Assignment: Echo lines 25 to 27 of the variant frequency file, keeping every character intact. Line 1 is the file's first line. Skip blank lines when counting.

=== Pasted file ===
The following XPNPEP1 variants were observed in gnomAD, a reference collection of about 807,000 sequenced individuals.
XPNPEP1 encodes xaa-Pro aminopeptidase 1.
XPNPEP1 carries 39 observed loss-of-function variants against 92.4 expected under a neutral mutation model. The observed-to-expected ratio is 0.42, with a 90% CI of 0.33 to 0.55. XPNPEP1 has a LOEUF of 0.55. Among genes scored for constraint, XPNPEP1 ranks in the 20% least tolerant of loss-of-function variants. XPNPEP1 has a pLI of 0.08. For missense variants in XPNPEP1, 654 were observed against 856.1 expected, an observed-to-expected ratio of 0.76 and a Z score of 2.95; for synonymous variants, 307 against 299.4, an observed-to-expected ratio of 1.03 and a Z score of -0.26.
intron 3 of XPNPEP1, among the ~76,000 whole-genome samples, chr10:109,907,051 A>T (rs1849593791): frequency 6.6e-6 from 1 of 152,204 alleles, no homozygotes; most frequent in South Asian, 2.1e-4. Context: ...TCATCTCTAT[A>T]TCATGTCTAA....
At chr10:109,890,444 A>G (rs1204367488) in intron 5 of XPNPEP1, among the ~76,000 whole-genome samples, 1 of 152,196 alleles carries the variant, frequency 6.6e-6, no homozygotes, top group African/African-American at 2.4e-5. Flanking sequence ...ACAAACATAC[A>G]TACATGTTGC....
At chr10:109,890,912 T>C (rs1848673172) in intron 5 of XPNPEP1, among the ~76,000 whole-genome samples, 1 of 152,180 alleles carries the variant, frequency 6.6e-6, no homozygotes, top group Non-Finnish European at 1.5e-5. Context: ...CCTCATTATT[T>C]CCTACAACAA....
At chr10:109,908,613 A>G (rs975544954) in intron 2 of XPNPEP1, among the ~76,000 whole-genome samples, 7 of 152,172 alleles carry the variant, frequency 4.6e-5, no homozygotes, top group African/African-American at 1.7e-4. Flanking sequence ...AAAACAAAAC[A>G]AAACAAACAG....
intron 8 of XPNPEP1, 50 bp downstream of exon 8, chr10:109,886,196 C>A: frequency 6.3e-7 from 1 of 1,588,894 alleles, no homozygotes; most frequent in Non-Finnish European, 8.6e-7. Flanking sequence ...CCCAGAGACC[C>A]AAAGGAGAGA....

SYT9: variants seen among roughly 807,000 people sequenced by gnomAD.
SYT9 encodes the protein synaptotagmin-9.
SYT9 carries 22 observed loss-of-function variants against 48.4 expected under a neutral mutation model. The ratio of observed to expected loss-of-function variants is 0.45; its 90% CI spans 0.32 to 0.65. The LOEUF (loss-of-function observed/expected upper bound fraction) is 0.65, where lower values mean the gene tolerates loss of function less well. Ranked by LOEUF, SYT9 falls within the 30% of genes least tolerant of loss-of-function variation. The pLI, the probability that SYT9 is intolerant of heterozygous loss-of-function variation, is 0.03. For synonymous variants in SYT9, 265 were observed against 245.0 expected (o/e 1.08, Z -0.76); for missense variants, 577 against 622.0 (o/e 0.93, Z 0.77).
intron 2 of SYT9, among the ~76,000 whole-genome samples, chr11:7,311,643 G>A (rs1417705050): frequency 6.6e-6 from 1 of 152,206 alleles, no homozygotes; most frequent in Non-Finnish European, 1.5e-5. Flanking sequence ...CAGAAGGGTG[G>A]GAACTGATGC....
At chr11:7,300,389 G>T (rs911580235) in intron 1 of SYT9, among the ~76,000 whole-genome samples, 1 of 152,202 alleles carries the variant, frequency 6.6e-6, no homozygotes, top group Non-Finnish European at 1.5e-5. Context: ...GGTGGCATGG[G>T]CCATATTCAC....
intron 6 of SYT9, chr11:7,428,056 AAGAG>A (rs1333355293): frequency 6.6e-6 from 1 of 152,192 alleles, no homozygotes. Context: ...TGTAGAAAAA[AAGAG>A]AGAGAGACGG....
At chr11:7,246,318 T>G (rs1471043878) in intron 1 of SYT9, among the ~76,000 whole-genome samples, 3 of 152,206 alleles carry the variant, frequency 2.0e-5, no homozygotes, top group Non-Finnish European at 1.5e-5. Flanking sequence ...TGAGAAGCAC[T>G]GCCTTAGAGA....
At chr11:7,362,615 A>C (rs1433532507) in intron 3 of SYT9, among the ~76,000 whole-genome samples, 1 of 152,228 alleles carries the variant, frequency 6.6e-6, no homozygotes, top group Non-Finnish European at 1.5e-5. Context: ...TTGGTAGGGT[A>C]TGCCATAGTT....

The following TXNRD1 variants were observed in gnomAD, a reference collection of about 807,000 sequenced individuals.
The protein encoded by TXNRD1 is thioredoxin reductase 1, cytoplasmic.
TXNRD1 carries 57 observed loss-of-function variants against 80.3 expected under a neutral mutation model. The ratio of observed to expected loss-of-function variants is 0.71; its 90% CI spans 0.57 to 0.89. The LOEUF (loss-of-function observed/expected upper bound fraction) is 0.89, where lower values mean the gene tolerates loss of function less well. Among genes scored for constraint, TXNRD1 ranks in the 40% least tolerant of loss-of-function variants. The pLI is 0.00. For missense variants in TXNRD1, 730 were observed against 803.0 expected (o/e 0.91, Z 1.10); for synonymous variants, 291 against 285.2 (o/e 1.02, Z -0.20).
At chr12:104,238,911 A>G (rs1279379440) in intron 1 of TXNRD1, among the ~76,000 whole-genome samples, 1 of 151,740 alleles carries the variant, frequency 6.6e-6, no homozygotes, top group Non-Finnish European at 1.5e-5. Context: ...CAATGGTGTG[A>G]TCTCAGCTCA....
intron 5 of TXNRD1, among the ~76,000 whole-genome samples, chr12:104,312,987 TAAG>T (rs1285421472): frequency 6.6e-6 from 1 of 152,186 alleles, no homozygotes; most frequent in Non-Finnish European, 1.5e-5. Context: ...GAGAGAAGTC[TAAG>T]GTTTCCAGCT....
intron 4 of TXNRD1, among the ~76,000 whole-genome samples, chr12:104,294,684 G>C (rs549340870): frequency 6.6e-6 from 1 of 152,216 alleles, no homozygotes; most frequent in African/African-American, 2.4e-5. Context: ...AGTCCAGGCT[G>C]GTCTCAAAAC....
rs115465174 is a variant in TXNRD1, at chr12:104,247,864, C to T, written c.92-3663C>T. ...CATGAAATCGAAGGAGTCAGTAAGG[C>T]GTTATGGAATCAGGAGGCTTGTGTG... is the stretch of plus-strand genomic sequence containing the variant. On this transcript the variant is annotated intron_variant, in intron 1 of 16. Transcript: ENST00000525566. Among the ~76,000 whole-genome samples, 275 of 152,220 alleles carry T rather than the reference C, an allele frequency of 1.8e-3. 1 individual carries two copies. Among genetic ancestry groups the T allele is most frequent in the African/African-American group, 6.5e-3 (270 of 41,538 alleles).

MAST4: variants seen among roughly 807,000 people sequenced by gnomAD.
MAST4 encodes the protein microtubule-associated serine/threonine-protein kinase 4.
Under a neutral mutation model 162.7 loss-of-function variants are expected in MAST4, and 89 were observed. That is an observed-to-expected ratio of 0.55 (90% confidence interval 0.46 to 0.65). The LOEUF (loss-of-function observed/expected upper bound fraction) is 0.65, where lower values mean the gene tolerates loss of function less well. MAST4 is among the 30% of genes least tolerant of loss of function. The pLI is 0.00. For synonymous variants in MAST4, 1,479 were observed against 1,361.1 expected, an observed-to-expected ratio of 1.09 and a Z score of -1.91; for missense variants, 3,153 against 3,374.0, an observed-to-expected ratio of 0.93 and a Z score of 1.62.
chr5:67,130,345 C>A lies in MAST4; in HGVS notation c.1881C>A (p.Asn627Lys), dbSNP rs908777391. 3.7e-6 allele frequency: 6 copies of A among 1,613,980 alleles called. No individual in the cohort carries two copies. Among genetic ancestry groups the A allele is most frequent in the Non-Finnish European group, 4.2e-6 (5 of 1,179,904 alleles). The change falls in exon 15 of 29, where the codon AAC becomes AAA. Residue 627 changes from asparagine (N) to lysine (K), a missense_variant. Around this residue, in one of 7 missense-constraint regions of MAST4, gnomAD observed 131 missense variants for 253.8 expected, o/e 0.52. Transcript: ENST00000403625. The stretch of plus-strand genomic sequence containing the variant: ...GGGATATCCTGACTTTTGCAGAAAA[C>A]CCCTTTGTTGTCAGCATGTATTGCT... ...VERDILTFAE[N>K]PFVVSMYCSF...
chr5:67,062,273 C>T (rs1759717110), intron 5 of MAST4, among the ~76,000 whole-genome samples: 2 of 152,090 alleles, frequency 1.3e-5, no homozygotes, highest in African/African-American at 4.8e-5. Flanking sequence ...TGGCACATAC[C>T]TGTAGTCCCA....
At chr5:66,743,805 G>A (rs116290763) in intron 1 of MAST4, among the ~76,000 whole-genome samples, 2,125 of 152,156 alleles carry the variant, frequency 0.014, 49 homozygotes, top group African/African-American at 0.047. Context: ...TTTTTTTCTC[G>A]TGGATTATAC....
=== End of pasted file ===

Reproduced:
MAST4 encodes the protein microtubule-associated serine/threonine-protein kinase 4.
Under a neutral mutation model 162.7 loss-of-function variants are expected in MAST4, and 89 were observed. That is an observed-to-expected ratio of 0.55 (90% confidence interval 0.46 to 0.65). The LOEUF (loss-of-function observed/expected upper bound fraction) is 0.65, where lower values mean the gene tolerates loss of function less well. MAST4 is among the 30% of genes least tolerant of loss of function. The pLI is 0.00. For synonymous variants in MAST4, 1,479 were observed against 1,361.1 expected, an observed-to-expected ratio of 1.09 and a Z score of -1.91; for missense variants, 3,153 against 3,374.0, an observed-to-expected ratio of 0.93 and a Z score of 1.62.
chr5:67,130,345 C>A lies in MAST4; in HGVS notation c.1881C>A (p.Asn627Lys), dbSNP rs908777391. 3.7e-6 allele frequency: 6 copies of A among 1,613,980 alleles called. No individual in the cohort carries two copies. Among genetic ancestry groups the A allele is most frequent in the Non-Finnish European group, 4.2e-6 (5 of 1,179,904 alleles). The change falls in exon 15 of 29, where the codon AAC becomes AAA. Residue 627 changes from asparagine (N) to lysine (K), a missense_variant. Around this residue, in one of 7 missense-constraint regions of MAST4, gnomAD observed 131 missense variants for 253.8 expected, o/e 0.52. Transcript: ENST00000403625. The stretch of plus-strand genomic sequence containing the variant: ...GGGATATCCTGACTTTTGCAGAAAA[C>A]CCCTTTGTTGTCAGCATGTATTGCT... ...VERDILTFAE[N>K]PFVVSMYCSF...